Imprint December 2019

lukeferry

Australia-Wide 18+ Festival

Save the date // 7-10 February, 2020 // Stuart’s Point, NSW

More information coming soon!

PHOTO TAKEN BY CHARMAINE PATEL, AT CONVERGE 2016

com

December 2019 | IMPRINTmagazine 5


Called to be...

A TEACHER?

It’s more than learning to read or draw or count.

Teaching is a call to instil confidence,

foster creativity and shape the future.

Where could your degree take you?

86.2%

of Avondale Teacher Education Graduates

were employed within four months of

completing their degree*

You can make a difference in the world,

one classroom at a time.

UNDERGRADUATE DEGREES

| Bachelor of Arts/Bachelor of Teaching (Birth – 12 Years)

| Bachelor of Arts/Bachelor of Teaching (Primary)

| Bachelor of Arts/Bachelor of Teaching (Secondary)

| Bachelor of Science/Bachelor of Teaching

POSTGRADUATE DEGREES

| Master of Teaching (Primary)

| Master of Teaching (Secondary)

We also offer the following postgraduate degrees for

current teachers:

| Master of Education

| Master of Philosophy

| Doctor of Philosophy (PhD)

*Based on the 2017-2018 Graduate Outcomes Survey (GOS) *

Called to be...

At Avondale

To find out more about our face-to-face

and distance education courses or to

apply online, visit avondale.edu.au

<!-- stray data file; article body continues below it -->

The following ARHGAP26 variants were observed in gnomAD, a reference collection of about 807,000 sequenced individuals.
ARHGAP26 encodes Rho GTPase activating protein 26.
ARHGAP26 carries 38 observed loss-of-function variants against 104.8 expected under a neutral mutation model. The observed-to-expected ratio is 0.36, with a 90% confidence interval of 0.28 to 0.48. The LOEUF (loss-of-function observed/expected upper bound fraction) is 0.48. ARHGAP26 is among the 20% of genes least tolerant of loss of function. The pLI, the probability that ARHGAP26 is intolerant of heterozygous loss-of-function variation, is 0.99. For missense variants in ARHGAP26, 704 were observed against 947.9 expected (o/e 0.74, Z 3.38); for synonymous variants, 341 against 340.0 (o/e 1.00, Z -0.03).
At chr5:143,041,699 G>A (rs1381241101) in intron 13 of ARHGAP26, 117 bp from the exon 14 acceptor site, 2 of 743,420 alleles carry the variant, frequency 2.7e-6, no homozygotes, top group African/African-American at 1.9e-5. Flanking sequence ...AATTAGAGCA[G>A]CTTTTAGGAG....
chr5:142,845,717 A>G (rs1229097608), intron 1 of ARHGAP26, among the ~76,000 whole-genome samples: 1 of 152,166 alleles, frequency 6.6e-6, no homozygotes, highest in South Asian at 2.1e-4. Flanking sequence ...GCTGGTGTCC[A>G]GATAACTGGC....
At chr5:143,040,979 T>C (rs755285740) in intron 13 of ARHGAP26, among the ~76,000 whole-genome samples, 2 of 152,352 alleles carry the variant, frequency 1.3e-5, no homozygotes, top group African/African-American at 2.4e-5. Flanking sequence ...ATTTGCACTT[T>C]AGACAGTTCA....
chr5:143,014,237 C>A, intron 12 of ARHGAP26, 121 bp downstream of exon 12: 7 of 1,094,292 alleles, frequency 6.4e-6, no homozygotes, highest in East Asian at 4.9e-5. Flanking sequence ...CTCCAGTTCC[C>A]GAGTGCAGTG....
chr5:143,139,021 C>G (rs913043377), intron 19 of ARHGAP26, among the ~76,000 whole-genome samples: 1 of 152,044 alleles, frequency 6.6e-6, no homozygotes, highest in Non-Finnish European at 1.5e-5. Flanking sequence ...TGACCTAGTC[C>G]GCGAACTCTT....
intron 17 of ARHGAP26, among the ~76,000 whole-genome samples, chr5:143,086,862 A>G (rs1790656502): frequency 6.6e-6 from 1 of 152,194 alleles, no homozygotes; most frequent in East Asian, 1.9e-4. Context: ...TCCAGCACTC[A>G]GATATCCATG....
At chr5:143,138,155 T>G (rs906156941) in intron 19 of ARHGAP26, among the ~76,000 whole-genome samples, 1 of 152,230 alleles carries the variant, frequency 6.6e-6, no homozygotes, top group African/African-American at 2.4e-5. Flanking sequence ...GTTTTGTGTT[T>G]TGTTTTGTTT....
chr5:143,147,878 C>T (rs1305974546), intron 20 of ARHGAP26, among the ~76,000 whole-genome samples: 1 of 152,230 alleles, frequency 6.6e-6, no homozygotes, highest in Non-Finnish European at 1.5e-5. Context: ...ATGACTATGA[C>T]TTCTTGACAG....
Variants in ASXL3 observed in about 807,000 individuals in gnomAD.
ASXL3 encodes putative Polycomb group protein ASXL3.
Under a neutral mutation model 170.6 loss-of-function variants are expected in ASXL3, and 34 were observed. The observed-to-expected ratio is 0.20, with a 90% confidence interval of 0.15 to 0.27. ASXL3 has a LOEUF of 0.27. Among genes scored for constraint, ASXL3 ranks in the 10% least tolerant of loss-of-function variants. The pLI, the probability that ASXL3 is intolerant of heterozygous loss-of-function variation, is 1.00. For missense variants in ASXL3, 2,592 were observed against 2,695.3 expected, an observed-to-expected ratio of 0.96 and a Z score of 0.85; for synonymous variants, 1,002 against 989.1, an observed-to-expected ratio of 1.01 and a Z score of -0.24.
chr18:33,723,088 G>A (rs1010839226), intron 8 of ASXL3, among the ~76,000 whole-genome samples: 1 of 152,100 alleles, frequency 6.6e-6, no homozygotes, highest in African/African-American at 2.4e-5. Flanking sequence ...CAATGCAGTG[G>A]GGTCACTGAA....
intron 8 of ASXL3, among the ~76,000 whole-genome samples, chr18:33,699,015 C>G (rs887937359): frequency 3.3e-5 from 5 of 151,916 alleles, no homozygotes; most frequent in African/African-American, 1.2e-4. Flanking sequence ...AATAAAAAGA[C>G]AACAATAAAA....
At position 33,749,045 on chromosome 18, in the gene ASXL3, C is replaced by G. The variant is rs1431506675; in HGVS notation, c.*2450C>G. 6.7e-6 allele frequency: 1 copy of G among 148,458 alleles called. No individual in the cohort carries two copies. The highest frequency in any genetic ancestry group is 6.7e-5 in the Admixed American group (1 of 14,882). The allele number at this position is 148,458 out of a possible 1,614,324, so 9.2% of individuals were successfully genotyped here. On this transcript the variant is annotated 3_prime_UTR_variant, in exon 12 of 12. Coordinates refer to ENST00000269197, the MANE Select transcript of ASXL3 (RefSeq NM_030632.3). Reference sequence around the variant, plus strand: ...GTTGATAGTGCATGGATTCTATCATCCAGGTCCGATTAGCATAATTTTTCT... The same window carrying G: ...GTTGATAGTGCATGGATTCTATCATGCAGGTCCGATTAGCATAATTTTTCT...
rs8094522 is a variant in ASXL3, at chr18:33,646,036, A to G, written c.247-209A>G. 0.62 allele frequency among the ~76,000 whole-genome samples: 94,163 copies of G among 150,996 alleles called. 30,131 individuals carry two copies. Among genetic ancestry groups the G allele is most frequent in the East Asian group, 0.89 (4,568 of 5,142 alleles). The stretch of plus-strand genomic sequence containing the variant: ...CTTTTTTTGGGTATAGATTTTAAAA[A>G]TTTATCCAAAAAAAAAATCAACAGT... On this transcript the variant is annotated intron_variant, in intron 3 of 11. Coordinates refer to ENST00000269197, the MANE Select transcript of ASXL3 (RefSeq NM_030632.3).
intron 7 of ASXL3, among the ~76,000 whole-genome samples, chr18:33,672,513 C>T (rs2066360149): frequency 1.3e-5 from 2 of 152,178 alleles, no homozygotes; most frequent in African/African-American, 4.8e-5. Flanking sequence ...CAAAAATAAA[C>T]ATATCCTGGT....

phone +61 2 4980 2377 or

email study@avondale.edu.au

Avondale College Ltd trading as Avondale College of Higher Education

CRICOS Provider No: 02731D | TEQSA: PRV12015 | ABN: 53 108 186 401


If You Could Pick an Age

By Peter Beamish Avondale University College

If you could pick an age to return to in

life, what age would you pick? I sit here

realising that my 60th birthday is not

that far away. While I appreciate the

experiences, knowledge and wisdom

that comes with age, my back hurts

when I get out of bed in the morning

and my muscles take a long time to

recover after strenuous exercise. Life was

so much easier when I was younger, so

if I could return to any age, which one

would I pick?

Different ages have various advantages

but I don’t think that I would pick

returning to being a teenager or in my

early twenties. I think I would pick late

twenties or early thirties. By then, your

brain is fully developed, you have gained

some professional competence, you are

hopefully emotionally secure with strong

relationships and your body has not

started the steep decline.

‘But why not a teenager?’ I hear you

ask? Sure, my life was great when I was

a teenager back in the 70s but would I

really want to be a teenager today? Dr

Adrian Tomyn, in a report funded by the

Australian Government, found that the

wellbeing of young people declined from

the age of 12 to 16 before bouncing

back a little by the time they are 19.

For many young people these teenage

years can be tough and there are many

factors that contribute to this decline

in wellbeing. The NAB 2017 Survey of

Independent Schools found that anxiety

was a major issue for many students and